Background: In the current obesogenic environment we often eat while electronic devices, such as smart phones, computers, or the television, distract us. Such "distracted eating" is associated with increased food intake and overweight. However, the underlying neurocognitive mechanisms of this phenomenon are unknown.
Objective: Our aim was to elucidate these mechanisms by investigating whether distraction attenuates processing in the primary and secondary taste cortices, located in the insula and orbitofrontal cortex (OFC), respectively.
Methods: Forty-one healthy, normal-weight participants received fixed amounts of higher- and lower-sweetness isocaloric chocolate milk while performing a high- or low-distracting detection task during fMRI in 2 test sessions. Subsequently, we measured ad libitum food intake.
Results: As expected, a primary taste cortex region in the right insula responded more to the sweeter drink (P < 0.001, uncorrected). Distraction did not affect this insular sweetness response across the group, but did weaken sweetness-related connectivity of this region to a secondary taste region in the right OFC (P-family-wise error, cluster, small-volume corrected = 0.020). Moreover, individual differences in distraction-related attenuation of taste activation in the insula predicted increased subsequent ad libitum food intake after distraction (r = 0.36).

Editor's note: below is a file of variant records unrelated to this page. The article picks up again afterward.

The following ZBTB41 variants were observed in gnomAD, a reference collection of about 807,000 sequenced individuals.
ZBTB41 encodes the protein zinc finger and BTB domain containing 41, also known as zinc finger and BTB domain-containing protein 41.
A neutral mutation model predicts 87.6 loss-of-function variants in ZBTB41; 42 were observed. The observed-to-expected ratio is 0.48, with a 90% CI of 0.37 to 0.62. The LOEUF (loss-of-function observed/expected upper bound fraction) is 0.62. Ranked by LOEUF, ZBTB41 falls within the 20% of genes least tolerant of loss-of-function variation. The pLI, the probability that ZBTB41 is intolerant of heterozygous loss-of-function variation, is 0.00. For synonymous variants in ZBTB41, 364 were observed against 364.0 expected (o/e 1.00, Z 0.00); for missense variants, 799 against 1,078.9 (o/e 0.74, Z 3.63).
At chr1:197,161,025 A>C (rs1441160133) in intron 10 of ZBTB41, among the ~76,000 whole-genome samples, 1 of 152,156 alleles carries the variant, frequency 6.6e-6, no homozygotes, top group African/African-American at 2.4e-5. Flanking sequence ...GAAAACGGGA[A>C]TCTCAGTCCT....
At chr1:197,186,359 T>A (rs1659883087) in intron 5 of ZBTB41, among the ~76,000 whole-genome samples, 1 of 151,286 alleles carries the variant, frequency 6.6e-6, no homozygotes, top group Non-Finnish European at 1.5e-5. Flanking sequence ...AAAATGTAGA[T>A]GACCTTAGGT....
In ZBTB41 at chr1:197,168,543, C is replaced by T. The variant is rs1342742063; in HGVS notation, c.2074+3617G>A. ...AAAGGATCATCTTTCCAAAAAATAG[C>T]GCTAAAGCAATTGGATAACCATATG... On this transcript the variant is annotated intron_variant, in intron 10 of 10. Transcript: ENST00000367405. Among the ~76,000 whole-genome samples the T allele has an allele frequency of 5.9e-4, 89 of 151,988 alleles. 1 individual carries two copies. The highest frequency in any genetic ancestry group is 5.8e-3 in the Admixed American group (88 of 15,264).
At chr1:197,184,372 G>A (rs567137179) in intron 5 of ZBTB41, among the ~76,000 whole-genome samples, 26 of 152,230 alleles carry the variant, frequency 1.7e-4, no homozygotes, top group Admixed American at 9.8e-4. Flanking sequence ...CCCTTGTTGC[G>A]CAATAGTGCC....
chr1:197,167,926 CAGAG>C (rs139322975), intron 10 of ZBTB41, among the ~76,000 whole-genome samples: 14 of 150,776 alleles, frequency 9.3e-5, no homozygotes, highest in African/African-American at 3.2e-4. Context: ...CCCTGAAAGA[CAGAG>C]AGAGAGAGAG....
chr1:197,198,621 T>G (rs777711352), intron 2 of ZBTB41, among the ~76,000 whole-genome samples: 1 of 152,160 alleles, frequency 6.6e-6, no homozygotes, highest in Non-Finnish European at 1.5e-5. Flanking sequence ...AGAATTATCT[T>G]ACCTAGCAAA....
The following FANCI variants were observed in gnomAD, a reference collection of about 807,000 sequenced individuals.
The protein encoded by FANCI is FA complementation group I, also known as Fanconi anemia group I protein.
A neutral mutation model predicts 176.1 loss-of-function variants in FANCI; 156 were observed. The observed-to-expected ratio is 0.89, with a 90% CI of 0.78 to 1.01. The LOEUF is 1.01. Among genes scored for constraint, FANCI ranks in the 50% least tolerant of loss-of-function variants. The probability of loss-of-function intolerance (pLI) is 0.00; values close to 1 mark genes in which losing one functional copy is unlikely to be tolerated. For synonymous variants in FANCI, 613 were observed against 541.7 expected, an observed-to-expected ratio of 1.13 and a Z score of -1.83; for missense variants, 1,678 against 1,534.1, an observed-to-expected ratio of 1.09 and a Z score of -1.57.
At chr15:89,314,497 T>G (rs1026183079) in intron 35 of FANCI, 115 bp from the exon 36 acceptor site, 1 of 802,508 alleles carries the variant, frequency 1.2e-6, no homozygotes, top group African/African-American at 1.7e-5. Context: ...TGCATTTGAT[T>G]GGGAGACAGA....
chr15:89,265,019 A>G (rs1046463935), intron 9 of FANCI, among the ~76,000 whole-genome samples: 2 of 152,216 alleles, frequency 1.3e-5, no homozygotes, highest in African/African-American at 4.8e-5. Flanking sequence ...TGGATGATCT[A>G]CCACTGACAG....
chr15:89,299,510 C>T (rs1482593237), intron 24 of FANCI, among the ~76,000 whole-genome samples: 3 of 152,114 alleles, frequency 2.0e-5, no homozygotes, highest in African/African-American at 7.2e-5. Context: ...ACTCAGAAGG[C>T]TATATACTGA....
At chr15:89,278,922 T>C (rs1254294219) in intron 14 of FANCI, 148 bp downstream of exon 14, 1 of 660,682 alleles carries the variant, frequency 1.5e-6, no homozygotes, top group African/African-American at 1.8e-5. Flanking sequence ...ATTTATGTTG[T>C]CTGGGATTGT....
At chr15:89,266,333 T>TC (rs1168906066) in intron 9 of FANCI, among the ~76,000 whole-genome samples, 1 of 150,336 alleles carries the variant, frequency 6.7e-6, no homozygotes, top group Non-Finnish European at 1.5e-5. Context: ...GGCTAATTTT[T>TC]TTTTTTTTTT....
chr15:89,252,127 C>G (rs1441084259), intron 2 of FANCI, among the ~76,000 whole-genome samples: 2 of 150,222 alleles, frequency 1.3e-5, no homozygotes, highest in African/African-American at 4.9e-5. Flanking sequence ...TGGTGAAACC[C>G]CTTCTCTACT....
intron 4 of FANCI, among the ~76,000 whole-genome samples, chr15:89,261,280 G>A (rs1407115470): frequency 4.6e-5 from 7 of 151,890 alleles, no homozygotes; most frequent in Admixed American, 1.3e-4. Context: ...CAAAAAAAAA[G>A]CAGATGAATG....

Conclusions: These results reveal a mechanism explaining how distraction during consumption attenuates neural taste processing. Moreover, our study shows that such distraction-induced decreases in neural taste processing contribute to individual differences in the susceptibility for overeating. Thus, being mindful about the taste of food during consumption could perhaps be part of successful prevention and treatment of overweight and obesity, which should be further tested in these target groups. This study was preregistered at the Open Science Framework as https://bit.ly/31RtDHZ.
Keywords: attention; consumption; distraction; fMRI; insula; orbitofrontal cortex; taste.
Copyright © The Author(s) 2020.